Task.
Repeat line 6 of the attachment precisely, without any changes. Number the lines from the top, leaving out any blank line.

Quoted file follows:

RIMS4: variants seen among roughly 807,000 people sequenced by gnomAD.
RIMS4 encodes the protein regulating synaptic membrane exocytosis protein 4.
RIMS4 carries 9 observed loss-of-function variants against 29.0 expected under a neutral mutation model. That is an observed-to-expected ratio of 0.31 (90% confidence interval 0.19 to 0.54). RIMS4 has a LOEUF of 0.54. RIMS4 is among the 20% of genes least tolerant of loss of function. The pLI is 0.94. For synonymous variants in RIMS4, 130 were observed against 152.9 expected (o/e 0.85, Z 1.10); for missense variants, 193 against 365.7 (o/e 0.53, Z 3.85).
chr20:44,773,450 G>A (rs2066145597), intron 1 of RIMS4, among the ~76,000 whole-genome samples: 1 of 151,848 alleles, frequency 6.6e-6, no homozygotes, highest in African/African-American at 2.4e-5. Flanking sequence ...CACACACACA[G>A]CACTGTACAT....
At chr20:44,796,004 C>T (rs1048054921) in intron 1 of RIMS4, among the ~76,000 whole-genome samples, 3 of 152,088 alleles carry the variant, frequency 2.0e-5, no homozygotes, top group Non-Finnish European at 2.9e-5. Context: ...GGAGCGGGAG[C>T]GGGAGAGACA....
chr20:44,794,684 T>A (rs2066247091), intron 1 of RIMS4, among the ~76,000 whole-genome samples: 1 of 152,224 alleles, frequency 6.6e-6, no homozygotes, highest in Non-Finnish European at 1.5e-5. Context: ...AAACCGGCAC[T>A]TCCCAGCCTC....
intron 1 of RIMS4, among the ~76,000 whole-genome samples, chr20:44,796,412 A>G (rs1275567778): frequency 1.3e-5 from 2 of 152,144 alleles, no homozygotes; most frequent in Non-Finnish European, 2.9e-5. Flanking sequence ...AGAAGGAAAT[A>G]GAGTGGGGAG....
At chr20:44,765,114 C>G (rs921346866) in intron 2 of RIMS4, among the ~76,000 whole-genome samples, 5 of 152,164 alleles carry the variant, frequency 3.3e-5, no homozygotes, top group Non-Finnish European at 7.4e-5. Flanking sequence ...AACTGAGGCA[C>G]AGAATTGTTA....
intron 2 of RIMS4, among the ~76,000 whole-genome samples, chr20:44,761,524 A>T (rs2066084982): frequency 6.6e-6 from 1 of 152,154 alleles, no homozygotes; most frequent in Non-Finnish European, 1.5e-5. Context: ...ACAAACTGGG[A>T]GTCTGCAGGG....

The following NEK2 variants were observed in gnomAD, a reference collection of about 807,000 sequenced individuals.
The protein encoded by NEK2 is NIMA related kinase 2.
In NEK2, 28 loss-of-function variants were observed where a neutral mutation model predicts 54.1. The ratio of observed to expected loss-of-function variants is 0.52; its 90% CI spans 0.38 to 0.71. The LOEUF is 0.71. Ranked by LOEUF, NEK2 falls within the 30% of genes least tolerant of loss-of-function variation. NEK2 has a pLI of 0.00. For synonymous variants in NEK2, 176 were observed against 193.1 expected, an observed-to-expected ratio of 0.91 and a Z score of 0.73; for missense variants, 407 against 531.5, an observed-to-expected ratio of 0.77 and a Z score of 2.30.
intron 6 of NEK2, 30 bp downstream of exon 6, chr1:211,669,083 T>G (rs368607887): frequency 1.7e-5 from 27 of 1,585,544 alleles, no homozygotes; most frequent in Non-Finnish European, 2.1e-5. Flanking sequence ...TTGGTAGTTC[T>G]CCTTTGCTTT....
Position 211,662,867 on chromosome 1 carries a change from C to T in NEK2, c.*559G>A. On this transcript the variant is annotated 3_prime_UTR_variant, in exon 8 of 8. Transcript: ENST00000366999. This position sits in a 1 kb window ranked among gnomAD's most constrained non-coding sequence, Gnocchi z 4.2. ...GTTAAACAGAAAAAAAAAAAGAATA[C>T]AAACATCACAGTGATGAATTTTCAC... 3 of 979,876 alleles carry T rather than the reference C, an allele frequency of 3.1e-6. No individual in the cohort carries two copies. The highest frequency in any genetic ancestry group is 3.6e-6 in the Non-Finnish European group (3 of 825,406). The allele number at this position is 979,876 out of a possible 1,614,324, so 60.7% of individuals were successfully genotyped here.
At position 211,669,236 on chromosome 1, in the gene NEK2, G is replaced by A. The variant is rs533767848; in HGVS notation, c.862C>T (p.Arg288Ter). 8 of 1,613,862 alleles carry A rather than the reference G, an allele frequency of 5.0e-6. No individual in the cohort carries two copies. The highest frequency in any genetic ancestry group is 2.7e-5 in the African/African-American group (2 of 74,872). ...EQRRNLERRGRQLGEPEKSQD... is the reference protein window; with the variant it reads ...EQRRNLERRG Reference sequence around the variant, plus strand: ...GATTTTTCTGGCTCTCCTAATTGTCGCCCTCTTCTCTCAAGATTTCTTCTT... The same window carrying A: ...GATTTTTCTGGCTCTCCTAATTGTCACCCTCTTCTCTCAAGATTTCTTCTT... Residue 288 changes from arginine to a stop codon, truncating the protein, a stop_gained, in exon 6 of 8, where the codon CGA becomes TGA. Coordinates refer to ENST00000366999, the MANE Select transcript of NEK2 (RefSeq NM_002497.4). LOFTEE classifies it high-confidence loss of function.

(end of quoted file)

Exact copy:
chr20:44,794,684 T>A (rs2066247091), intron 1 of RIMS4, among the ~76,000 whole-genome samples: 1 of 152,224 alleles, frequency 6.6e-6, no homozygotes, highest in Non-Finnish European at 1.5e-5. Context: ...AAACCGGCAC[T>A]TCCCAGCCTC....